On January 17, 2014, the Texas Supreme Court ruled that a Contractual Liability Exclusion contained in a general liability insurance policy did not preclude coverage of a general contractor for a claim arising out of its defective work merely because the contractor agreed to perform its work in a “good and workmanlike manner.”
In Ewing Construction Co., Inc. v. Amerisure Insurance Co., Ewing entered into a standard-form AIA contract with Tuluso-Midway Independent School District to serve as general contractor to renovate a school. 2014 WL 185035 (Tex. Jan. 17, 2014). Pursuant to the contract, Ewing agreed to perform its work in a “good and workmanlike manner.”
The contract included the construction of tennis courts. Shortly after completion, the School District complained that the tennis courts were defectively constructed, and filed suit against Ewing and others for breach of contract and negligence. Ewing tendered defense of the underlying suit to its insurer (Amerisure), which denied coverage. Amerisure took the position that the Contractual Liability Exclusion, which applies where the insured assumes liability for the damages by the contract, precluded coverage.
Ewing filed suit in the U.S. District Court for the Southern District of Texas for a declaratory judgment finding Amerisure had a duty to defend Ewing and indemnify it for any damages awarded to the School District in the underlying suit. The District Court agreed with Amerisure, finding that the Contractual Liability Exclusion applied because Ewing had entered into a contract that assumed liability for its own performance under the contract by agreed to perform its work in a “good and workmanlike manner.” Relying primarily on Gilbert Texas Construction, L.P. v. Underwriters at Lloyd’s London, 327 S.W.3d 118 (Tex. 2010), the district court held that Ewing had assumed liability for its own construction work.
On appeal, the Fifth Circuit initially affirmed, in part, but later withdrew its opinion and certified the following questions to the Texas Supreme Court:
1. Does a general contractor that enters into a contract in which it agrees to perform its construction work in a good and workmanlike manner, without more specific provisions enlarging this obligation, “assume liability” for damages arising out of the contractor’s defective work so as to trigger the Contractual Liability Exclusion?
2. If the answer to question one is “Yes” and the contractual liability exclusion is triggered, do the allegations in the underlying lawsuit alleging that the contractor violated its common law duty to perform the contract in a careful, workmanlike, and non-negligent manner fall within the exception to the contractual liability exclusion for “liability that would exist in the absence of contract”?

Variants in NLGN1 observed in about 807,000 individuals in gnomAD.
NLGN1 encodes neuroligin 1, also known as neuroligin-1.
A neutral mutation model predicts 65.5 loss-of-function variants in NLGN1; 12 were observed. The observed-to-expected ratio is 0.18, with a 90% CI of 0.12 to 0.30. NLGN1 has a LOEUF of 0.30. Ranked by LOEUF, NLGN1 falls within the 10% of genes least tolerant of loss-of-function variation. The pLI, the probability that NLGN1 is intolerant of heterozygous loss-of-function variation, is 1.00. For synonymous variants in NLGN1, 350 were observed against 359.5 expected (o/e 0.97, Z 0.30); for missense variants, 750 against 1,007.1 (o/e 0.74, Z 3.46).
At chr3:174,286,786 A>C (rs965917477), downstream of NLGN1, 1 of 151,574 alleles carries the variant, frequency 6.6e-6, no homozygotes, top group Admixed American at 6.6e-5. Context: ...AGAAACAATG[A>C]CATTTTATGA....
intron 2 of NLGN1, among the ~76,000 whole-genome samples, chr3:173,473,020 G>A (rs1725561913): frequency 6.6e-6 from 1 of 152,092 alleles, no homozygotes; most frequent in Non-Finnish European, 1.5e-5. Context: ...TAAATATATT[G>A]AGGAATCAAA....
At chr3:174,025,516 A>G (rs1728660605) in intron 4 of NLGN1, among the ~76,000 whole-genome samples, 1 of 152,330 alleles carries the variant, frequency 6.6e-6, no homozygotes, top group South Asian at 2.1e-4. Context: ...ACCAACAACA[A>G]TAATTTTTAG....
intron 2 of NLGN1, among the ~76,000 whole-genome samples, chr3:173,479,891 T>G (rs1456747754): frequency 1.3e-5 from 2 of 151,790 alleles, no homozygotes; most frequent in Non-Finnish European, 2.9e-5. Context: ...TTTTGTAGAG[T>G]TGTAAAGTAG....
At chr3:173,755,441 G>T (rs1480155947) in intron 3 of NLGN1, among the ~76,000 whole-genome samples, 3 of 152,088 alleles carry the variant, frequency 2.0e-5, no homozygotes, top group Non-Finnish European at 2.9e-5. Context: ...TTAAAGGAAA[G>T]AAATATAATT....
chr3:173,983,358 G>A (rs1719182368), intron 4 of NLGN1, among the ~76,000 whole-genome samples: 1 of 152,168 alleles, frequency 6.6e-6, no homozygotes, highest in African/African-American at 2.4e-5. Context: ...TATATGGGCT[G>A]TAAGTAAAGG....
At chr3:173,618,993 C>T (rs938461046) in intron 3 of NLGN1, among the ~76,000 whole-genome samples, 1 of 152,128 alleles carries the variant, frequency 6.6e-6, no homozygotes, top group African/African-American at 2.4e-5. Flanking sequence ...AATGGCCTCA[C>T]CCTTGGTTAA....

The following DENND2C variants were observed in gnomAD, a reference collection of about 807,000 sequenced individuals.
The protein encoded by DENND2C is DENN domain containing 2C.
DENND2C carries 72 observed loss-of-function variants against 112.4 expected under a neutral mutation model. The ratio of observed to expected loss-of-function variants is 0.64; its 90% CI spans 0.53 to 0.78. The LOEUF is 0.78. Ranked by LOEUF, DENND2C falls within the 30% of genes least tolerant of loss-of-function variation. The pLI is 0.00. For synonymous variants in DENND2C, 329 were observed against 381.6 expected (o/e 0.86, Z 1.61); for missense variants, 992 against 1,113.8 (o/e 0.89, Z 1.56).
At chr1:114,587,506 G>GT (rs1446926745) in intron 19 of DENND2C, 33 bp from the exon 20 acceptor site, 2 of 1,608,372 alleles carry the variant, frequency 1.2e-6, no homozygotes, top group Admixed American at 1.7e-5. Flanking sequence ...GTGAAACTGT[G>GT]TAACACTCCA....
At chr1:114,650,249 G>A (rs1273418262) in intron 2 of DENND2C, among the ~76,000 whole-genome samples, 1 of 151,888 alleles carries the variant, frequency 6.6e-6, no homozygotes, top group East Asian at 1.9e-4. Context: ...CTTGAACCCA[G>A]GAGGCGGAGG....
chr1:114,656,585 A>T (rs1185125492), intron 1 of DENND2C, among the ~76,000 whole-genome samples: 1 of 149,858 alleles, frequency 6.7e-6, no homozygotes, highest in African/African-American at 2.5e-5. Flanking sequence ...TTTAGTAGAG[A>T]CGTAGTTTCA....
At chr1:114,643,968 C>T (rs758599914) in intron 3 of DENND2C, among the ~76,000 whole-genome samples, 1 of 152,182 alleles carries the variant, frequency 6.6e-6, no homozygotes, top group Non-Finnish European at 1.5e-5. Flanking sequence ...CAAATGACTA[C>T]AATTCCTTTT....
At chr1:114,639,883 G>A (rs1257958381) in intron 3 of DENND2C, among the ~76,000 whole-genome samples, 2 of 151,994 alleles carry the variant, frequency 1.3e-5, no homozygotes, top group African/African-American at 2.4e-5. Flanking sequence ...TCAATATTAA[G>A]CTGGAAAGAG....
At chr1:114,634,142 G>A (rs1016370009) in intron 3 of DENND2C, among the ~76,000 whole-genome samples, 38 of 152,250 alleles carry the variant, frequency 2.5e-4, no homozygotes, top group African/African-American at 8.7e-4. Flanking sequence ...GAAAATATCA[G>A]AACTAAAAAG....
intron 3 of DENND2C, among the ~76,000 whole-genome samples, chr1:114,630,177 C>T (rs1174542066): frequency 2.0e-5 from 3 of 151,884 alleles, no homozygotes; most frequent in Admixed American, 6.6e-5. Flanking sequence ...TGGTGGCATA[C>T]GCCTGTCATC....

The Texas Supreme Court answered the first question in the negative. It began by distinguishing Gilbert, stating that Gilbert had promised to repair or pay for damage to an adjacent property resulting from its failure to comply with the requirements of the contract. In so doing, the Court held that Gilbert assumed an obligation that extended beyond Gilbert’s common-law duty to avoid negligence. The Court reaffirmed the general rule that the Contractual Liability Exclusion applies where an insured has “assumed a liability” for damages that exceeded the liability it would have under common law.
In the instant case, the Court held that Ewing had not assumed liability in excess of its common-law duty to exercise ordinary care by agreeing to perform its work in a good and workmanlike manner. The Court considered the School District’s claim for failure to perform in a “good and workmanlike manner” to be substantially the same as a claim for negligence under common law. Thus, the Court concluded that “a general contractor who agrees to perform its construction work in a good and workmanlike manner, without more, does not enlarge its duty to exercise ordinary care in fulfilling its contract, thus it does not ‘assume liability’ for damages arising out of its defective work so as to trigger the Contractual Liability Exclusion.”
Because the answer to the first question was “no,” the Court did not answer the second question.
Comment: The Court’s decision is a victory for general contractors and builders. Contractual Liability Exclusions are commonplace in general liability insurance policies, and many construction agreements require contractors to perform in a good and workmanlike manner. Although the Texas Supreme Court’s interpretation of the exclusion is not controlling precedent in Washington courts, the Court’s analysis is persuasive and can be used to combat an insurer’s attempt to exclude coverage based upon similar exclusions. Furthermore, this decision puts added pressure on insurance companies to provide coverage. If an insurer incorrectly denies the tender of defense in bad faith, the insurer may be estopped from denying coverage, even when coverage is later determined to be unavailable.